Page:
available everywhere: make the overview information (how the modules
interact etc.) that I described above continuously available, in all
parts of the software, then provide the necessary context to help
people quickly become experts for every task. If they don't need this
information, they won't read it. But if they do, they'll bless you and
your children when they find it. <G>

<<One large help file, users would have to use the Contents, and wade
through info in the Index or in a search to find the info they need>>

Never if you can avoid it. The actual physical structure of the
documentation is less relevant than what the users see: the larger and
more complicated it looks, the greater the intimidation factor and the
less likely it is that they will RTFM. So however you create the
actual documentation set, focus on providing immediate access to the
information they need for the screen they are currently seeing. This
is variously referred to as context-sensitive help or embedded help.
The nitpicky distinctions between them are irrelevant in practice;
what's important is that users see (initially) only help that is
relevant to their immediate context. But always provide links to
information for other contexts that may be relevant (e.g., links to
the help for related modules that are likely to interact with the
current module).

<<PDFs of the theory that users can access and print, and have
available whenever they want>>

Probably irrelevant. PDF is only useful for printed documentation, and
if you design the help so that it integrates with the interface (as
described above), readers should have little reason to print copies of
the help: everything they need will be staring them in the face as
they use the software, or at most one screen distant from the
interface. If they decide they need to, most can copy/paste the
desired information into Word and format it to meet their needs;
alternatively, you can provide a link to a printable version of the
current screen. This is relatively easy to do by means of CSS; I
haven't done it, but others here have and can tell you how.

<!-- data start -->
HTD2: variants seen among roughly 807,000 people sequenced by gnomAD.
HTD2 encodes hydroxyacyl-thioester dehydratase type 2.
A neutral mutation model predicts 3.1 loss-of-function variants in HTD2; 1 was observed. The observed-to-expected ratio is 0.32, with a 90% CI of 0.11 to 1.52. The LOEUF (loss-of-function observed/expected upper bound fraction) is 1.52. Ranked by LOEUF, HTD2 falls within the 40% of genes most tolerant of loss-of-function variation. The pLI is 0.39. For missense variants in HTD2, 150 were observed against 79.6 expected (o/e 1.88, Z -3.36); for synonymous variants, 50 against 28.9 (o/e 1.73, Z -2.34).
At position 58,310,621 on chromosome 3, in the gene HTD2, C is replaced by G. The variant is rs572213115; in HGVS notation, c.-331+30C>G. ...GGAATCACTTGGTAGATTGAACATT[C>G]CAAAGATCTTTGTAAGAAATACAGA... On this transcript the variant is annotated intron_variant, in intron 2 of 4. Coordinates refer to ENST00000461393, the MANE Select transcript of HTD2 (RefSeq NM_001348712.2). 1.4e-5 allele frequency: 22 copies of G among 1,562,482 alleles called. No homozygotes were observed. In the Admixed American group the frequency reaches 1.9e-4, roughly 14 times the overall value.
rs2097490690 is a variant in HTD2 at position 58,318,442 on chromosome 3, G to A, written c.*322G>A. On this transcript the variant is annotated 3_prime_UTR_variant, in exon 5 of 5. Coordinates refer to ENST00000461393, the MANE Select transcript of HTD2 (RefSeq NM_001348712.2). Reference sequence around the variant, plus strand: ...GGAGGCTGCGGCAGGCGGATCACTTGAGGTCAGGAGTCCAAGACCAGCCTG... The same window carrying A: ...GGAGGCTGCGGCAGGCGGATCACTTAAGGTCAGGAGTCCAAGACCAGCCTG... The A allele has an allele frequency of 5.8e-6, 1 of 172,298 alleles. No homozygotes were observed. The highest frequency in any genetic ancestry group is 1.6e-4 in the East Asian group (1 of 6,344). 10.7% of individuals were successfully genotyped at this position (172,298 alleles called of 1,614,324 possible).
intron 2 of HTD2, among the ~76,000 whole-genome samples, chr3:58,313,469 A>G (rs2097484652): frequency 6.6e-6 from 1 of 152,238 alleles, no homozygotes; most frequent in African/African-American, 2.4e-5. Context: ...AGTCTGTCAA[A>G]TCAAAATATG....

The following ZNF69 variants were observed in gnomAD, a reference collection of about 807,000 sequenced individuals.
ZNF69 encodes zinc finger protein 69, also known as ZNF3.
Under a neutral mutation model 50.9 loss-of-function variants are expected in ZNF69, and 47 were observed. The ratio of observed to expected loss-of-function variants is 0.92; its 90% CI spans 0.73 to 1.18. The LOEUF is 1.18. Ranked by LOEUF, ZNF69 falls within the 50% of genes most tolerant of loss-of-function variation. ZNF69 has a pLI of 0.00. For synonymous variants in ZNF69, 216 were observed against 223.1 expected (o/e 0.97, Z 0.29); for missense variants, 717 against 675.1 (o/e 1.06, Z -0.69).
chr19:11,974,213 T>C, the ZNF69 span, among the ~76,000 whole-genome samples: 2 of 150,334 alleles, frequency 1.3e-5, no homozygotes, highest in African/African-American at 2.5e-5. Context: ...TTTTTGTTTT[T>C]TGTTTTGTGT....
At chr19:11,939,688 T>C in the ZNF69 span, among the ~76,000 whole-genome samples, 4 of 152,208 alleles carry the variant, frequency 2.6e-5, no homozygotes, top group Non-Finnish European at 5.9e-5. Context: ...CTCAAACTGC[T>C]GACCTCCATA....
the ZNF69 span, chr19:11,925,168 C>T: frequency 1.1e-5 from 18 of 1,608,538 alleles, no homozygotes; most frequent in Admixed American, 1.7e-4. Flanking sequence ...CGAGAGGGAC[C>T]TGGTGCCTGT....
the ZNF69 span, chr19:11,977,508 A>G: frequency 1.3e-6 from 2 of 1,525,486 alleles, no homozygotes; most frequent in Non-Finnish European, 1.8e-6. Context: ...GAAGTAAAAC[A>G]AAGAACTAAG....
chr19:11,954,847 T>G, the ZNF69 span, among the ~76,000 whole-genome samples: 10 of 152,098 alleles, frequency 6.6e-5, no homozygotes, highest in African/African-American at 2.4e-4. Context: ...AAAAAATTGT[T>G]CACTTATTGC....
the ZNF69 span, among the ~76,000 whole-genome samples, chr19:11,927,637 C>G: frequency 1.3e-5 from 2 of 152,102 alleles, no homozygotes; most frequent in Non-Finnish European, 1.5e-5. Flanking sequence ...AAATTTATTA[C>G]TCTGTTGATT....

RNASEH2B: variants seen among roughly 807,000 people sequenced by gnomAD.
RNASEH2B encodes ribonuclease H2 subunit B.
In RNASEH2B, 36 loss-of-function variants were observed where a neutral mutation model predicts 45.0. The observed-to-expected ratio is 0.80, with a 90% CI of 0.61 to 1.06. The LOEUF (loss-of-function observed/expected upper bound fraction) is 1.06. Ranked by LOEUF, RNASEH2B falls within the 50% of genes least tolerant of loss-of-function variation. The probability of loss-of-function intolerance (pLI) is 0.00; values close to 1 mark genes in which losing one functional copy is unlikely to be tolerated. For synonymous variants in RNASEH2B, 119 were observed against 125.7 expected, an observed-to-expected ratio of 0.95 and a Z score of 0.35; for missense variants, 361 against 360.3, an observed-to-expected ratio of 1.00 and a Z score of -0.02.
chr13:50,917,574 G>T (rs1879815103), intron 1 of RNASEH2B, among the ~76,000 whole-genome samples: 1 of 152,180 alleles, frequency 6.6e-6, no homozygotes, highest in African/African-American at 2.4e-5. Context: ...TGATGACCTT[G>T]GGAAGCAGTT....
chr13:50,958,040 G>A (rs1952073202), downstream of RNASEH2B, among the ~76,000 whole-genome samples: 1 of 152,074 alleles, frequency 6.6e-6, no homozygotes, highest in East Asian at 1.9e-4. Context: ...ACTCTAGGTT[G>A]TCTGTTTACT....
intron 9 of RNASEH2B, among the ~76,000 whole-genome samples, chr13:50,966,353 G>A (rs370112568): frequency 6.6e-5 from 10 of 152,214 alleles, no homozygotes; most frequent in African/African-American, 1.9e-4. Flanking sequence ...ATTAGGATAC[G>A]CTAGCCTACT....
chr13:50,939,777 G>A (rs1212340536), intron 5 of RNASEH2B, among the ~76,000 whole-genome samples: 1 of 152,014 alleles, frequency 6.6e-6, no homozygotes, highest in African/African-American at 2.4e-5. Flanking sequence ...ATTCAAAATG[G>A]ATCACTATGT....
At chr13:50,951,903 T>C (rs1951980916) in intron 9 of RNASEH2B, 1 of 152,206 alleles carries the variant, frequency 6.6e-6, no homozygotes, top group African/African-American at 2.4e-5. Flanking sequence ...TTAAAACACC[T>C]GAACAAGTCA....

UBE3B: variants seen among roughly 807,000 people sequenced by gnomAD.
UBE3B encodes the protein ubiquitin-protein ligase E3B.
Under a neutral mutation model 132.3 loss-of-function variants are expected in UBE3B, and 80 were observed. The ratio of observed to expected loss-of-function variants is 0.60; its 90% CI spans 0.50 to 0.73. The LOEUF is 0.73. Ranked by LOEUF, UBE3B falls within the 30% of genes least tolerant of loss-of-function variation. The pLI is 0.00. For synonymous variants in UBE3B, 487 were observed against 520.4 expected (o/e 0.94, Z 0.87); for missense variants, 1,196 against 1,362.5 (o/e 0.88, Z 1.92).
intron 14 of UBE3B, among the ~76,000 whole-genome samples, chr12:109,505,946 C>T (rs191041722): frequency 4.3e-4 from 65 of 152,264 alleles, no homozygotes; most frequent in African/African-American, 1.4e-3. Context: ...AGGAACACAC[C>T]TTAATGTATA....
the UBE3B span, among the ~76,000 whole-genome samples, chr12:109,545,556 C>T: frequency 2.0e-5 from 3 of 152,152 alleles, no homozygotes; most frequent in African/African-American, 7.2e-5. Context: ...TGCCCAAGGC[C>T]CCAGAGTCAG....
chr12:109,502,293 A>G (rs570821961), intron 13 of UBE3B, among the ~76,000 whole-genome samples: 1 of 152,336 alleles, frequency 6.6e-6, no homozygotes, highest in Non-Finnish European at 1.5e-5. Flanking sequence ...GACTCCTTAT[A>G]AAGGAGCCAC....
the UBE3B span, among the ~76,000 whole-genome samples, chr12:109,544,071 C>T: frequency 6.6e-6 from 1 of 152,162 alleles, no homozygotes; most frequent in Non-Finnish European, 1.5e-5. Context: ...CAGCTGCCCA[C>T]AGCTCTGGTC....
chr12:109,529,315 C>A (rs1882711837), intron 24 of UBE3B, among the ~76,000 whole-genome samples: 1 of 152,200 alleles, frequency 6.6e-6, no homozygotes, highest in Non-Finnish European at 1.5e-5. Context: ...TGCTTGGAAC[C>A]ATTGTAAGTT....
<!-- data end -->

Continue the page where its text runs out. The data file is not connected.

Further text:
<<How would you refer to this new "upgrade" and how would you suggest
relating to the two GUIs in a positive manner?>>

I wouldn't. <g> If you try to do this, all you'll be doing is drawing
attention to the deficiencies in the parts that still use the old user-
hostile interface. If you're the one who draws the short straw and has
to explain this, treat it as a "road map for the future" kind of
challenge: "We know that modules X, Y, and Z suck, but look at the
great new interface for modules A, B, and C. We promise that as soon
as possible, we'll make modules X, Y, and Z as good as A, B, and
C." (You might want to express that more diplomatically. <g>)

<<For example, if the real name of the software is Business Manager,
and the upgrade portion is XY System, how do you feel about the
following text? " The XY System, or XYS, manages business statuses,
the rules for achieving those statuses, and processes business
activities against these rules. XYS is not a module within Business
Manager, there no XYS page or section of Business Manager that is
labeled XYS. Rather, XYS is the technology that enables business

First off, never create an acronym or initialism to eliminate a single
simple word such as "system", and never use "or" to describe a
synonym. Users hate them, and the more you create, the harder it
becomes to focus on what they're actually trying to understand. Here,
you're describing plumbing that is irrelevant to the reader; focus on
what they see and how they use it. If there is no XYS page, why
describe it? You'll only confuse everyone. Also, I have no idea what
statuses are or how you achieve them. You'll need to rephrase those
concepts using real words that real people will understand.
Speculating wildly, here's one possibility:

"To run your business using Business Manager, you must be able to
manage all your business activities. Business Manager lets you
describe each business activity through a series of rules and the
processes that you will use to follow those rules. Here's how:
- First, define an activity [description and link].
- Next, define the rules that control that activity [description and
- Last but not least, define the processes governed by those rules
[description and link]."

Geoff Hart (
ghart -at- videotron -dot- ca / geoffhart -at- mac -dot- com
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Documentation Deliverables for Complex Scenario: From: Deborah Hemstreet